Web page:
2.6 On 19 November 2001, the author applied to the Constitutional Court for protection (tutela) against the sentences handed down by the appeal court and in cassation proceedings, claiming a violation of the right to due process, equality before the courts and access to the administration of justice. In a ruling dated 3 December 2001, the Disciplinary Jurisdictional Chamber of the Cundinamarca Division Council of the Judiciary granted tutela and revoked the sentence handed down by the Supreme Court in cassation proceedings on the grounds that the ban on reformatio in peius when the convicted individual is the only party to appeal had been broken. It gave the Cali Court 48 hours to return the case file to the Criminal Cassation Chamber of the Supreme Court for a fresh ruling that fully respected the principle of non reformatio in peius.

2.7 By decision dated 19 March 2002, the Supreme Court declined to give effect to the tutela ruling, arguing that since the Supreme Court was the highest court of ordinary jurisdiction its judgements had the force of res judicata and a remedy of tutela was not, therefore, competent. The author points out that this was the first time the Supreme Court had ever declined to give effect to a protective ruling, stressing that previously, in similar cases, the Court had always accepted applications for protection. This refusal to give effect to the ruling, the author says, led to what became known as the "train crash", a face-off between the different public powers, especially between the Supreme Court and a Constitutional Court, resulting from the entry into force of the new Colombian Constitution of July 1991.

2.8 On 17 May 2002 the Branch Council of the Judiciary declared it had no jurisdiction to consider the complaint for contempt of court which the author wished to lodge against the Criminal Cassation Chamber of the Supreme Court, and referred the application for disciplinary action to the House of Representatives in Congress. To date, the Charges Committee of the House of Representatives has not pronounced on the matter of what penalties, if any, should be imposed on the justices of the Criminal Cassation Chamber for failure to accept the protective ruling.


3.1 The author claims to be a victim of a breach of article 14, since he was found guilty in first instance and on appeal by faceless judges, both trials were held behind closed doors and he was denied the right to be heard publicly, to defend himself and to question the prosecution witness.

3.2 The author also alleges a violation of article 2, paragraph 1, in the form of discrimination against him by the Supreme Court when it declined to accept the protective ruling awarded in his favour, thereby departing from its previous practice in similar cases.

3.3 Lastly, the author alleges a violation of article 2, paragraph 3 (a) and (c), because the Supreme Court declined to accept the protective ruling, leaving the author without an effective remedy for the violation of his rights as acknowledged in the Covenant.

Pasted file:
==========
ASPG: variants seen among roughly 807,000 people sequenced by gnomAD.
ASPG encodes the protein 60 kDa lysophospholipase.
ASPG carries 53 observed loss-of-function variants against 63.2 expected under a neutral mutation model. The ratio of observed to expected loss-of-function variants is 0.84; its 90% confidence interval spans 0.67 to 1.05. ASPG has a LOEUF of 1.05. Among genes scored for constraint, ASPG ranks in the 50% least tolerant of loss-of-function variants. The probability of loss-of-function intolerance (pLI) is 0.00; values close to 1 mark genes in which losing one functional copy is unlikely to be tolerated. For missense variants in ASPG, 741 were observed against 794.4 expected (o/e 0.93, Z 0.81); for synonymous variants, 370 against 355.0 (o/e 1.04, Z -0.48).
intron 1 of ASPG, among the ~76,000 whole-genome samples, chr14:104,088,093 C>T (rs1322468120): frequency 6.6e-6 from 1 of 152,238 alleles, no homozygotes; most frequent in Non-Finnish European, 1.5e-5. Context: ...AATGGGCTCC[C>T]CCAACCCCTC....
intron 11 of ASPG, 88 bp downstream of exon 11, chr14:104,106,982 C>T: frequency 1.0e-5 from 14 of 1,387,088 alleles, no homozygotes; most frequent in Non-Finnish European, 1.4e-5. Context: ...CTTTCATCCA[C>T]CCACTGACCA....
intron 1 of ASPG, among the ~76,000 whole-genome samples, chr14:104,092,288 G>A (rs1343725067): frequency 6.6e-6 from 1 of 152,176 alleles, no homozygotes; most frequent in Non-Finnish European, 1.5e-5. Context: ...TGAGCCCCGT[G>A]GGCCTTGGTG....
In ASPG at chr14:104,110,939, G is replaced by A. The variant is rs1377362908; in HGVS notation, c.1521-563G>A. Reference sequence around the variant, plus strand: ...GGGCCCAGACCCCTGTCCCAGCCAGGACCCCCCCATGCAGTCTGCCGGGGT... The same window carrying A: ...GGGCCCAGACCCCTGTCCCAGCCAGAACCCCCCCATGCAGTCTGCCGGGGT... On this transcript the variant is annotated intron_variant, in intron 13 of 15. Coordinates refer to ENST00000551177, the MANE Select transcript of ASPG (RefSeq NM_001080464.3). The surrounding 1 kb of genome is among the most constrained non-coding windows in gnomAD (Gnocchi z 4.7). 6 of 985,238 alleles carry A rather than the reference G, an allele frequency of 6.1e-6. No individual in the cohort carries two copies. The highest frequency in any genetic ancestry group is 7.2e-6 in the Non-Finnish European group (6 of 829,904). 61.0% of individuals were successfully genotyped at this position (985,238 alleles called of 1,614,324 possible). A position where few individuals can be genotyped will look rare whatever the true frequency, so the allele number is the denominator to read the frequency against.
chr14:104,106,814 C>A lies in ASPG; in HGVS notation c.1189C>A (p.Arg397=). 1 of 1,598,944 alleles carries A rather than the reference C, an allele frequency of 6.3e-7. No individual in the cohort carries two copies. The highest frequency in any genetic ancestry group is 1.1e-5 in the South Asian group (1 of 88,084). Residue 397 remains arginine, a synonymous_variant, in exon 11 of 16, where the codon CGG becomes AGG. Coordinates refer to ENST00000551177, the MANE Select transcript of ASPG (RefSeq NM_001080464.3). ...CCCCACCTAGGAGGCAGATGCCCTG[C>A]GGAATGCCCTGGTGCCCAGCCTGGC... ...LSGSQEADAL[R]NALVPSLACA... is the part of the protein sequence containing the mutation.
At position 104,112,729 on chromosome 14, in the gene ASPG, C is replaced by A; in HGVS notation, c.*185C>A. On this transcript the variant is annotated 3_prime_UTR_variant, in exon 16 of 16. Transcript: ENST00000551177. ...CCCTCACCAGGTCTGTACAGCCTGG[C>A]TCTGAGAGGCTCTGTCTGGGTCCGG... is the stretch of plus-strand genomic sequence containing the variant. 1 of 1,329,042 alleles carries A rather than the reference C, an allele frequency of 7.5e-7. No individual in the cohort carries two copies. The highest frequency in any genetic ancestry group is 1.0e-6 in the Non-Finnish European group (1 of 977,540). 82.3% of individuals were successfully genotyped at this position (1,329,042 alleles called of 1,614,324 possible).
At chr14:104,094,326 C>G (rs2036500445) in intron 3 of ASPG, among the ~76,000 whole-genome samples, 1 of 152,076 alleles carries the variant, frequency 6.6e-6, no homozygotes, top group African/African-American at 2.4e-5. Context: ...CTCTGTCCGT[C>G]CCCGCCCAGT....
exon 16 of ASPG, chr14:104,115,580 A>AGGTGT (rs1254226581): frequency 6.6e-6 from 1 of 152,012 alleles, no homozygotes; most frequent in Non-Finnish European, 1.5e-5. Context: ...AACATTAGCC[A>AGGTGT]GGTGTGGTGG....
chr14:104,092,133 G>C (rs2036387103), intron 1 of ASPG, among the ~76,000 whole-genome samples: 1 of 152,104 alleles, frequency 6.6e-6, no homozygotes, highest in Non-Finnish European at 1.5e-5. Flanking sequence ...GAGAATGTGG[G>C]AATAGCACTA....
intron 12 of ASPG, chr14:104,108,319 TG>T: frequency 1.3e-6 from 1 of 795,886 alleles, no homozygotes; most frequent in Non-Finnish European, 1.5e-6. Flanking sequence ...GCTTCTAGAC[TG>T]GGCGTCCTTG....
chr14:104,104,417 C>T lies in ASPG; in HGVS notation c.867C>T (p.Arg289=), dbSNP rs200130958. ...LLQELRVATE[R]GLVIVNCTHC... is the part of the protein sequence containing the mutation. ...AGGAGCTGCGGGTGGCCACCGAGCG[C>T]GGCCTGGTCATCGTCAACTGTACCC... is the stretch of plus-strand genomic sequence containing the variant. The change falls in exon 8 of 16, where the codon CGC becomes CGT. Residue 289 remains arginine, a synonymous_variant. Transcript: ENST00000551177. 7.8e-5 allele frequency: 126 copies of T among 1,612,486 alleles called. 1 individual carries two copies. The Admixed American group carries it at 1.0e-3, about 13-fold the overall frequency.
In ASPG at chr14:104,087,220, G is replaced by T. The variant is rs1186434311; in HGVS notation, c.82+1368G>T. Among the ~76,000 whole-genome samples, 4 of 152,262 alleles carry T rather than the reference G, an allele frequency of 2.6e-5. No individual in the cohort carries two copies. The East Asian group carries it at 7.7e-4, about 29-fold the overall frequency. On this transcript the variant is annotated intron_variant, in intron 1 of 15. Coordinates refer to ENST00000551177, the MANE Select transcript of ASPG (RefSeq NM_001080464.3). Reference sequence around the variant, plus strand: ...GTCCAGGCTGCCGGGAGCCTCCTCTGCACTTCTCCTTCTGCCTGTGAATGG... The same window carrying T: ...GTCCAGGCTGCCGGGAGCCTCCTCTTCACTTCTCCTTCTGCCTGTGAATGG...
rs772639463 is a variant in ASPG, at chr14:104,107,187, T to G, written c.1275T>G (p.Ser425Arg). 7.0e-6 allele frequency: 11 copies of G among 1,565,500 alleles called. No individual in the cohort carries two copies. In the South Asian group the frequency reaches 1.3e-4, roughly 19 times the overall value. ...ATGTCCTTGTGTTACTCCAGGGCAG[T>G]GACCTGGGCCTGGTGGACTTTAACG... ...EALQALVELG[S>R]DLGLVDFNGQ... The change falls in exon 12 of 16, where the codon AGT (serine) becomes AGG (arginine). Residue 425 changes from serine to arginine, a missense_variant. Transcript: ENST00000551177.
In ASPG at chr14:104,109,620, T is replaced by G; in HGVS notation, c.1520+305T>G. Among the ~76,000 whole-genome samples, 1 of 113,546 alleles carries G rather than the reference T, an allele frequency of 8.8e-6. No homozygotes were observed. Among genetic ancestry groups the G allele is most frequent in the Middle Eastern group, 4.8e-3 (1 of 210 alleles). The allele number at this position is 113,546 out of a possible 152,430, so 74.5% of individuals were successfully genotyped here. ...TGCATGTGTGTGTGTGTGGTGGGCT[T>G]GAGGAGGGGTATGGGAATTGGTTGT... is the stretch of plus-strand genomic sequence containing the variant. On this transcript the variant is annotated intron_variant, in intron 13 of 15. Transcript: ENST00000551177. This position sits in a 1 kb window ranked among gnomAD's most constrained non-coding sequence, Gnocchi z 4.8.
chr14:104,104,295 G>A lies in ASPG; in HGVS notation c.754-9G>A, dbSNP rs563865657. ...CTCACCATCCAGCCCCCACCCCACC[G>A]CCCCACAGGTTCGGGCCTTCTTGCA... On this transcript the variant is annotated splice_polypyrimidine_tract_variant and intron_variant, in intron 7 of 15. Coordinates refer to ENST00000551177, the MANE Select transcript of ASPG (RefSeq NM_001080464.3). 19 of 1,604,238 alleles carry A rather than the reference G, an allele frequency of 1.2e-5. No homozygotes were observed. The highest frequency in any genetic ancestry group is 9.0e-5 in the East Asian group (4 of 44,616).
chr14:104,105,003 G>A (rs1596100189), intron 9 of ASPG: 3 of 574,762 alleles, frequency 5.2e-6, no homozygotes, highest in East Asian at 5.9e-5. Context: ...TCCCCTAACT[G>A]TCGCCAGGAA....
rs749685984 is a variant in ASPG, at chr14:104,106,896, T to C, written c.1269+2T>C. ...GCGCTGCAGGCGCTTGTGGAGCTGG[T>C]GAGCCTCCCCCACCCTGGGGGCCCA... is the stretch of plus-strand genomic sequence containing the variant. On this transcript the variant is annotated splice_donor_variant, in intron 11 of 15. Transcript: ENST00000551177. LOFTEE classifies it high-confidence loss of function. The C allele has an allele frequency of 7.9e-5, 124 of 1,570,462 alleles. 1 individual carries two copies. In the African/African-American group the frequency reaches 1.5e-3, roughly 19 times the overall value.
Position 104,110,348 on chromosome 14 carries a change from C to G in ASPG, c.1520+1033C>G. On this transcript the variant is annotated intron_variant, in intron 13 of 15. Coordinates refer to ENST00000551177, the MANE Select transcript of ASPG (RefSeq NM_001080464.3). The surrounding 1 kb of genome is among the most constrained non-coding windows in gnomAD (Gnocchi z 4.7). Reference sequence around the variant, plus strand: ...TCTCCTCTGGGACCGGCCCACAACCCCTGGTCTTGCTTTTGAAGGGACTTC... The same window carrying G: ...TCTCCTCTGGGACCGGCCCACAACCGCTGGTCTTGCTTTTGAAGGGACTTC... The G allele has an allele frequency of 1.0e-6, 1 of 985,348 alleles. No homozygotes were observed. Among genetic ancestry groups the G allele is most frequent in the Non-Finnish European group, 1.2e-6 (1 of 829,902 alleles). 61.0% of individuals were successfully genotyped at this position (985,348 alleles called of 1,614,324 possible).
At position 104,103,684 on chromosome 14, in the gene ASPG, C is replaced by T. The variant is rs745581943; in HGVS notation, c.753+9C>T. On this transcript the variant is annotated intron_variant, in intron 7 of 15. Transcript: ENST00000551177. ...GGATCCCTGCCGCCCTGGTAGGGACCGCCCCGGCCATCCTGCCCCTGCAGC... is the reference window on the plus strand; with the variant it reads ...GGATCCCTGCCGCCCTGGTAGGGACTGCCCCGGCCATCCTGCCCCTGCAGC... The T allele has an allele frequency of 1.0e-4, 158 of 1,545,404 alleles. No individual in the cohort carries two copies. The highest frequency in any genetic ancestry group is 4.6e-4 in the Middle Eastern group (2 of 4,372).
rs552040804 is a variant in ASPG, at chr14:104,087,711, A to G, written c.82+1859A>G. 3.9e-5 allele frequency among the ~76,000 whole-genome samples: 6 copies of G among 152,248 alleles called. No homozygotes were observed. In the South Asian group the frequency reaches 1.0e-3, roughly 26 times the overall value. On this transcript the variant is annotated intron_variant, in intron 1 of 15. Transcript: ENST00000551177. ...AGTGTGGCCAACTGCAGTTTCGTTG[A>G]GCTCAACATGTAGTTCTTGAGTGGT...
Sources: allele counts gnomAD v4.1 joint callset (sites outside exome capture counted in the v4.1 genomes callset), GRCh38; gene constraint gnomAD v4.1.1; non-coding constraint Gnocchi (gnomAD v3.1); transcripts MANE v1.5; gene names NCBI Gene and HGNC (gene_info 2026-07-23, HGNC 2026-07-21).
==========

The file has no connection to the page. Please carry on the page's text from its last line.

4.1 In observations submitted on 1 November 2005, the State party comments that the House of Representatives has yet to pronounce on the complaint for contempt of court lodged by the author against the Criminal Cassation Chamber of the Supreme Court. It adds that a justice of the Supreme Court has lodged an appeal against the protection ruling before the Cundinamarca Division Council of the Judiciary but that appeal has not yet been settled, and as a result the protective ruling is not yet fully in effect. The State party claims that the remedies available under domestic law have not been exhausted, and the communication should therefore be declared inadmissible.

4.2 The State party further maintains that the author's allegations are not adequately grounded in any injury liable to be accepted as a violation of the human rights acknowledged in the Covenant and that, therefore, his complaint is inadmissible.

4.3 On the merits, the State party notes that the Committee has no jurisdiction to determine whether there has been a violation of article 2, paragraphs 1 and 3, since those paragraphs refer to a general commitment made by the State party upon signing the Covenant from which no specific right that individuals may invoke in isolation can be deduced.

4.4 In connection with the author's complaints relating to article 14, the State party asserts that there is not enough information to establish whether there has been a violation of the right to equality before the courts, the author having presented no evidence to indicate that the Supreme Court has actually taken a different course in applications for protection similar to those brought by the author: the allegation is thus baseless.

4.5 Regarding the alleged violation of the right to be publicly heard with all due safeguards, the State party refers to Constitutional Court ruling No. C-040 of 1997 on the legality of proceedings conducted by the regional courts operating at the time of the events in question, among them the proceedings against the author. The State party points out that the Court indicated at that time that a public hearing was not a constitutional requirement of proceedings and was not necessary or obligatory. The legislature was thus entitled to do away with that stage of a trial, as it then did by adopting rules to govern the "Public Order Court" which allowed the court anonymity. The State party says that the expression "to be present" does not, in the Constitutional Court's interpretation, necessarily require the accused to be physically present at the proceedings but rather to be involved for the purpose of exercising the right to a defence. It concludes by saying that the judicial formalities both in first instance and on appeal were completed in the presence of the author's attorney, and the author's right to a defence was thus guaranteed.